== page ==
Stetson Hackerspace hosts computer workshops for non-techies

Heyley Gatewood points to a display board with technical information

When Heyley Gatewood, a junior double major in computer science and mathematics, would try to interest students in Stetson’s annual spring “hackathon,” she noticed the uneasiness in those without a computer/tech background.

Heyley Gatewood stands at a display board with math and science displays, talking to attendees at a conference.
Heyley Gatewood and her colleagues in Stetson Hackerspace will host four computer-tech workshops for students without a tech background. Gatewood attended the 2018 National Diversity in STEM Conference, above, in San Antonio, Texas, hosted by the Society for Advancement of Chicanos/Hispanics and Native Americans in Science. Photo by Paul Samuel Ignacio

“The term ‘hackathon’ would really scare people,” Gatewood said. “People would say ‘I don’t know anything about computer science’ or ‘Are you guys actually hacking Stetson?’ ”

A new series of computer tech workshops organized and presented by Stetson Hackerspace, the university’s official computer science club, hopes to change that scenario. The four workshops, which begin Nov. 10 and run through Feb. 23, are designed for Stetson and area high school students with absolutely no computer experience.

The hackathon, now known as the Greater Central Florida Tech Faire + HatterHacks, is a three-day event in which students from universities and high schools throughout the state gather on campus to participate in tech workshops, app-building competitions, networking with big-name tech companies, and other activities.

“When we started our hackathon, we mostly just attracted collegiate hackers who are already into computer science and are already experienced,” Gatewood said.

“So this year, instead of just throwing the hackathon and having it appear and frighten people, we are holding workshops leading up to the hackathon,” Gatewood said. “This will allow people to start at whatever level they are, but grow their knowledge so when they get to the hackathon, they won’t feel as behind or as afraid of actually going. You might not even know what a computer is, but even if that’s true, you’ll still be able to fly through every single workshop very successfully.”

Students from all majors and backgrounds are welcome to attend the workshops. Stetson Hackerspace also hopes to recruit students from area high schools. The workshops will be held in the computer labs (rooms 317 and 322) at the Lynn Business Center, corner of Woodland Boulevard and Michigan Avenue.

The four of them are hunched over two laptops at last April's hackathon.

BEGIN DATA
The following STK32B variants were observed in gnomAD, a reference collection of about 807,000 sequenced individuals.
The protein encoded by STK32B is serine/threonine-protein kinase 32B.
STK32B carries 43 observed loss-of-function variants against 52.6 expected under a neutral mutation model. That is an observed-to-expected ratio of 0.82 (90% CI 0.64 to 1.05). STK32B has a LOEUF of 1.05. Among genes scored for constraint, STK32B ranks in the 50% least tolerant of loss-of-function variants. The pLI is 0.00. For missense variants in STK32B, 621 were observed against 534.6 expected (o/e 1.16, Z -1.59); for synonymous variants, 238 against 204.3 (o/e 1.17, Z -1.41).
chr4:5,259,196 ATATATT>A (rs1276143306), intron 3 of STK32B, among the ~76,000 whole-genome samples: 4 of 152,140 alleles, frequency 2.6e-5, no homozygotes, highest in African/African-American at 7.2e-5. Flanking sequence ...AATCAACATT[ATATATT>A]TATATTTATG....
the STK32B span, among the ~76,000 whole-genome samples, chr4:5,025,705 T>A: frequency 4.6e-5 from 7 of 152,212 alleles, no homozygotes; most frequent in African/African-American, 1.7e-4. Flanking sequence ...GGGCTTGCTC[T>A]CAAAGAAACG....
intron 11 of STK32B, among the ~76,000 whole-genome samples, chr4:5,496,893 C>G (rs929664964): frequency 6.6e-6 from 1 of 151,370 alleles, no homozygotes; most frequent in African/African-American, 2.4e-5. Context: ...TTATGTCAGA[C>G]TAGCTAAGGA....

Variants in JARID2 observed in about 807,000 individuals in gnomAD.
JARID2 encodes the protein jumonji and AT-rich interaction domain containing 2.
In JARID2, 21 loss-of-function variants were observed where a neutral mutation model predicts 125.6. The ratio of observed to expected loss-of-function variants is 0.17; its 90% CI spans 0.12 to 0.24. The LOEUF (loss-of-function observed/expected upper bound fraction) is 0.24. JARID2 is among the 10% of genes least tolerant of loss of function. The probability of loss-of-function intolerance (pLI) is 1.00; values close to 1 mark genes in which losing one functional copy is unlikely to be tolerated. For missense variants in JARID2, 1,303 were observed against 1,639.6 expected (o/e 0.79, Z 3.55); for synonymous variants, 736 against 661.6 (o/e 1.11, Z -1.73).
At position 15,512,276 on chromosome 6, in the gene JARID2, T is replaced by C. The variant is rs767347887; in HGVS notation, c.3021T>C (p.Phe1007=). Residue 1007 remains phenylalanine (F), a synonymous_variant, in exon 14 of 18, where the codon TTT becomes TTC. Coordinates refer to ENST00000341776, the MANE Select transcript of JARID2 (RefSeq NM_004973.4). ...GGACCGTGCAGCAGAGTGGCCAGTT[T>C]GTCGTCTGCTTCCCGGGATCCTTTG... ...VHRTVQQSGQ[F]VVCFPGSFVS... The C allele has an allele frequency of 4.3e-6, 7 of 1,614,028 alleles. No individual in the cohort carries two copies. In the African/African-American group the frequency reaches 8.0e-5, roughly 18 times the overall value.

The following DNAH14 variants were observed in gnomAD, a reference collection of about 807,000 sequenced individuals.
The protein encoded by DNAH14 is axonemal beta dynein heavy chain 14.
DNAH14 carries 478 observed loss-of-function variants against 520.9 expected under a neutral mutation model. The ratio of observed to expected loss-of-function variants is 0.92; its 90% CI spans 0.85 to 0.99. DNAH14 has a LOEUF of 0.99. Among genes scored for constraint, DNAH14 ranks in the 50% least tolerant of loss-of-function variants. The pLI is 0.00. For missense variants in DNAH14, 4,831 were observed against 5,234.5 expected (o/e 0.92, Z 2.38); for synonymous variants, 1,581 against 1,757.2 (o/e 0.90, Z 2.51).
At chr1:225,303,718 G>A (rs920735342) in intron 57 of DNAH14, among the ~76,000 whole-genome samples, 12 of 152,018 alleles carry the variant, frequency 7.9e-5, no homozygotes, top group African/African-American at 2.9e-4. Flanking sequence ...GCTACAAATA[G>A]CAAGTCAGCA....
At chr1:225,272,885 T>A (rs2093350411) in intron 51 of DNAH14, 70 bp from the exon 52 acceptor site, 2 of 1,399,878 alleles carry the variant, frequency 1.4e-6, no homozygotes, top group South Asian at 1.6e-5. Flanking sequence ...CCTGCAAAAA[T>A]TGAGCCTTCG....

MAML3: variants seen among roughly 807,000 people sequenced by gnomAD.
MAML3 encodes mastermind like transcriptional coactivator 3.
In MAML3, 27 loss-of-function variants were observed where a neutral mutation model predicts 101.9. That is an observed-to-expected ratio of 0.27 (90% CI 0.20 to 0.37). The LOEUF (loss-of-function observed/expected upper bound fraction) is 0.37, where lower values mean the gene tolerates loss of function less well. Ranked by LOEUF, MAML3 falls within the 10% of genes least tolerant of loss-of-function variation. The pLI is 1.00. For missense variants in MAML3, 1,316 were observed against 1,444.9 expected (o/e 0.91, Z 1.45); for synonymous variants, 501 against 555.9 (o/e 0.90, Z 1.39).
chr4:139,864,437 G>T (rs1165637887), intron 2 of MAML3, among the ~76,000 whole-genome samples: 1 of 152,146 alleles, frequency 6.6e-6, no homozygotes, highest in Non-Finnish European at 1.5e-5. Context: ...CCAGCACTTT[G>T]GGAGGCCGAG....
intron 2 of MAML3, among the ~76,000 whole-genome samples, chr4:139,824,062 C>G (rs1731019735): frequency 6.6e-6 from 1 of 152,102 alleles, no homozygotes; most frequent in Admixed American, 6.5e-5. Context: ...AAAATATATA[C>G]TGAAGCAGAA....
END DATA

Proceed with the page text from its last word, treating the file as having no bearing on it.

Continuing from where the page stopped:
From left, Stetson computer science major Erica Kok looks on as Stetson computer science professors Hala El Aarag, Daniel Plante and Joshua Eckroth judge the app-creating competition at the Greater Central Florida Tech Faire + Hackathon in April 2018.

Students can pre-register for any of the free workshops by emailing [email protected]. Students can register at the Lynn Business Center on the day of the workshops, but only if spaces are still available.

The workshops are being held with the support of Major League Hacking, which describes itself on its website,, as a “student hackathon league” that “powers” hackathons and workshops to “inspire innovation, cultivate communities and teach computer science skills to more than 65,000 students around the world.”

Here’s a look at the workshops:

  • No-Code App Build Workshop – 2-4 p.m. Saturday, Nov. 10. Participants will build and deploy an app that can be used to organize campus and extracurricular events, such as fundraisers. Users of the app will be able to post events, see a list of events, and register for and rate events. Participants will be able to customize their app and continue building it after the workshop is completed.
  • Local Hack Day and Hour of Code – 9 a.m.-9 p.m. Dec. 1. This event is a combination of Major League Hacking’s Local Hack Day and’s Hour of Code. Students will have the opportunity to learn a different computer science programming language or topic every hour for 12 hours straight.
  • Build and Deploy First Website – 2-4 p.m. Jan. 26. Participants will learn the structure and syntax of basic HTML and CSS. They also will receive a skeleton of a portfolio website and will update the HTML to include information about themselves and edit the CSS to style and position elements on their page. Then they will deploy their new website.
  • Hacking Alexa – 2-4 p.m. Feb. 23. Participants will learn the basics of how to build skills for Amazon Alexa to run on Alexa devices like the Amazon Tap or Echo.
  • Dates for the Greater Central Florida Tech Faire + HatterHacks will be announced soon for the spring, as well as the site and other details.

Rick de Yampert